LOS ANGELES -- The best way to sum up California’s 38-30 loss to USC (7-3, 6-2 in Pac-12) – it’s 11th in a row – comes from head coach Sonny Dykes:
“It doesn’t matter how you do it. It doesn’t matter if you make a run at the end and win, or win the first half and hold on. Whatever it is, we want to win a football game, and we weren’t able to do it tonight. We’ve just got to get better. That’s the bottom line, is we’ve been in most every game we’ve played this year, and it’s come down to playing disciplined football and not making mistakes. We made too any of those tonight.”
The Bears (5-5, 3-5) now have just two games left to become bowl eligible for the first time since 2011 – next week’s Big Game against Stanford, and a Nov. 29 tilt in Berkeley against BYU, and they aren’t going to get there by, as quarterback Jared Goff said, “shooting ourselves in the foot.”
1. Did the Bears underestimate USC’s playmakers? Cal didn't rush more than four at all in the first half, after two first-series safety blitzes, and because of that, Cody Kessler absolutely picked the Bears already-much-maligned secondary apart. Kessler went 13-for-17 for 185 yards and two touchdowns, with a QB rating of 206.7 in the first quarter alone. His favorite target? Nelson Agholor. The junior amassed eight catches for 120 yards, including four screen passes, taking one to the house and averaging 15 yards per catch in the first quarter.
Kessler has a reputation as a hot starter, and he continued that trend on Thursday. He’s now 81-of-108 (75.0%) for 1,014 yards, 11 touchdowns and no interceptions in the first quarters of games this season.
Against a line that has the fewest sacks in the Pac-12 this season, Kessler didn’t need to buy time; the Bears were giving it away for free, most notably on the Trojans’ only touchdown of the fourth quarter. On third-and-goal from the Cal 15, Kessler had about eight seconds until Austin Clark finally moved the left side of the pocket enough for Kessler to slowly start rolling right, where he easily found Randall Telfer for a touchdown in the back of the end zone.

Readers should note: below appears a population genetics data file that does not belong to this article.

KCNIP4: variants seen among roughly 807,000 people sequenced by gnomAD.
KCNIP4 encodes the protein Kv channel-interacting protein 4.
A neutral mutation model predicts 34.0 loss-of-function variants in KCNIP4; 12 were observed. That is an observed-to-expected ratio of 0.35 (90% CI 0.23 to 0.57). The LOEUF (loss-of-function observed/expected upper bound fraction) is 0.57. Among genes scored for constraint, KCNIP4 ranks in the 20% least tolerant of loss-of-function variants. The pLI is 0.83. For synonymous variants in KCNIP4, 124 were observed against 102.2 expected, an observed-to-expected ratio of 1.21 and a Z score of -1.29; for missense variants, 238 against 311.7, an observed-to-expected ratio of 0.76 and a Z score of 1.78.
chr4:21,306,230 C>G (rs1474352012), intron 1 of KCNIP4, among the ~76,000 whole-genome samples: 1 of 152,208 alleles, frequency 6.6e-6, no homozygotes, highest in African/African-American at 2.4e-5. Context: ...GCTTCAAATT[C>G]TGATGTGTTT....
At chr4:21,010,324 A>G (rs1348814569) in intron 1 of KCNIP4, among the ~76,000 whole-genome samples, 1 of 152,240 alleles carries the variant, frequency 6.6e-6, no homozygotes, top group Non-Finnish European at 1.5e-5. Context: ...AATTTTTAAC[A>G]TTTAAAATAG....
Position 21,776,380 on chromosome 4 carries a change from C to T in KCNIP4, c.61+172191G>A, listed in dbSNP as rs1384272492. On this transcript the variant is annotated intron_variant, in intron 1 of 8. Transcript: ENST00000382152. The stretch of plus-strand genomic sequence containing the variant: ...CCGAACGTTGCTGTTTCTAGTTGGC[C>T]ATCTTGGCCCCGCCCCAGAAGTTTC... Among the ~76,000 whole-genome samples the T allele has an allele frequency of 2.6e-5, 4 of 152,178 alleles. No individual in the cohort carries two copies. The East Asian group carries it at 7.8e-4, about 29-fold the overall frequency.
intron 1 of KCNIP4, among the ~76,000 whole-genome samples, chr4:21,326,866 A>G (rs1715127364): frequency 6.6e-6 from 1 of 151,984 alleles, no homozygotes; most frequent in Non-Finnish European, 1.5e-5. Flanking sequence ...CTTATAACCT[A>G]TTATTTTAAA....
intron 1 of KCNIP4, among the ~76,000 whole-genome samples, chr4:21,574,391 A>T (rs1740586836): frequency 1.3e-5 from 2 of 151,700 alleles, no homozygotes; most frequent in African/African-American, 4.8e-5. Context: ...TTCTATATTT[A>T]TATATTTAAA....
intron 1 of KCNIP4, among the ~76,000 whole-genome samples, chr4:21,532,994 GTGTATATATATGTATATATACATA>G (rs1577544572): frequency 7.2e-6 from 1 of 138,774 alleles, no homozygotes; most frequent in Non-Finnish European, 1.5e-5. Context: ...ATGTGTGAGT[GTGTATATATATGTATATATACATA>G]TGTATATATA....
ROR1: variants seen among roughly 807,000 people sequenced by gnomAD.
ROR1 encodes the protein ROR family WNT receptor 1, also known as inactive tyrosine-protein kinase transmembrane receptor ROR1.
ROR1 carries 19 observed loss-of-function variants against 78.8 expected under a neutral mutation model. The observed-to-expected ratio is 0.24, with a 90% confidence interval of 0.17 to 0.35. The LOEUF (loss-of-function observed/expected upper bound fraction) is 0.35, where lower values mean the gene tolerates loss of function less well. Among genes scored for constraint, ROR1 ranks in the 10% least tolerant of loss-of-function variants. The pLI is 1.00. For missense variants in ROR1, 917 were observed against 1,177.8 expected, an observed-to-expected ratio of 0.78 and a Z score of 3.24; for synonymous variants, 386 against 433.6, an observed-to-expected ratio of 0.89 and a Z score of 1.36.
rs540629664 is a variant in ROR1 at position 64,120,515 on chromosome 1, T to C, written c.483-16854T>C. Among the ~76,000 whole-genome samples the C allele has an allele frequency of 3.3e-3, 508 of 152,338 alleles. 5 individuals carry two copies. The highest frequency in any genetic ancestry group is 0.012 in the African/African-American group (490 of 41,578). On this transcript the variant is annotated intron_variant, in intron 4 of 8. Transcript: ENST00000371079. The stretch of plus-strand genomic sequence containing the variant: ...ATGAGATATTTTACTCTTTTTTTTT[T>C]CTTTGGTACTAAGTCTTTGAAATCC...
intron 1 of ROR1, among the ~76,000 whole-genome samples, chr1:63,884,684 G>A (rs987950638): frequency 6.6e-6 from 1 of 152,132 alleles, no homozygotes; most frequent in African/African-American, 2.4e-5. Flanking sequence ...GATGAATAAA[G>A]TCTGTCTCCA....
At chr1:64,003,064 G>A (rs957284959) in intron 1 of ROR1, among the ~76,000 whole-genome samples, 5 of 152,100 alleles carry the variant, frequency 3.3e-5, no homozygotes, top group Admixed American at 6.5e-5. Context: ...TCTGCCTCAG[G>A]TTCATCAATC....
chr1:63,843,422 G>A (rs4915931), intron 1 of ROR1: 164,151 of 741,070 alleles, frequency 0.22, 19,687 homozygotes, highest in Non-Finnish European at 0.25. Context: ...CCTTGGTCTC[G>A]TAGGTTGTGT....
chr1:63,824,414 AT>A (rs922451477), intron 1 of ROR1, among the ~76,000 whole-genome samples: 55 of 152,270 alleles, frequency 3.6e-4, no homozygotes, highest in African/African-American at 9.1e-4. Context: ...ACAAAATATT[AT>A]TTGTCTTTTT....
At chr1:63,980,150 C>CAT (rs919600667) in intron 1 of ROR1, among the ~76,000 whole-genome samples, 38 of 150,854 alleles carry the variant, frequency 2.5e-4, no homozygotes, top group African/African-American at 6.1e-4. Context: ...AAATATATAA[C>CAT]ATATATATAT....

“We’ve struggled with getting a pass rush,” Dykes said of his line that had a single, solitary quarterback hurry and one sack on 43 dropbacks. “That’s obviously something that, we’ve tried to blitz, we tried to blitz a lot tonight, and had some success, and didn’t have success at times … He did a good job keeping it alive. We got a little bit of push, he got out of the pocket, we lost contain and had a guy slip down and they through a touchdown.”
By the time the first half had ended, Agholor had 13 catches for 177 yards and two touchdowns – more than Cal’s entire offensive output (125 yards).
Agholor taking screen passes for 10-plus yards combined the two things that the Bears have been constitutionally unable to defend all year: A dynamic, physical receiver and the screen. Except, this time, it wasn’t Nelson Spruce. It was a player who will almost certainly be a first-round draft pick this May, and a player Cal probably should have been marking more heavily and consistently, particularly early on as the Trojans made it plain that they wanted to get on top of the Bears’ quick-scoring offense early and keep their foot on the gas. It was in fact because of Agholor that Cal did not blitz much early on, which actually gave Kessler more time to find Agholor.
“If you blitz, you can’t double people, and you can’t have help,” Dykes said. “You’re in one-on-one situations, so you’re darned if you do, darned if you don’t, when you’re playing against a good receiver like that.
“We knew, we knew he was going to be good. We knew it wasn’t a great matchup, but he’s a good football player, and they did a good job getting him the ball … We played with four different corners, at times, tonight – three or four different corners – and he caught balls against all of them.”
Agholor was an equal-opportunity abuser, as the Bears tried any number of different ways to try to defend what they knew was coming.
“We knew they were going to throw a lot of wide receiver screens,” said Dykes. “Everybody does against us. It’s something that we had some issues getting off those blocks tonight. They completed a lot of passes, and, for the most part, we tackled him. The times they got out, they had holding penalties. He didn’t get out much on the screens. He got out on some other stuff, but they did a good job.
“We tried, at times, to get some safety help. Obviously, that was something coming into the game, you knew that was going to be a tough matchup. We tried to get some safety help and got some at times, and then, at other times, had him playing some one-on-ones, and we just didn’t make those plays.”
Dykes said that Cal tried four different corners against Agholor, who set a personal best with 16 catches – one fewer than the school record set by Robert Woods.
With 8:40 left in the third quarter, Agholor needed 4 more catches for the USC single-game record and six more for Pac-12 single-game mark, as he’d hauled in 14 grabs for 196 yards, mainly against JuCo transfer Darius White.
In fact, by the end of the third quarter, Agholor did something that no USC receiver has ever done – recorded at least 200 yards receiving in back-to-back games, going for 205 yards. He became the seventh player in the nation in the past 10 years with back-to-back 200-yard receiving games.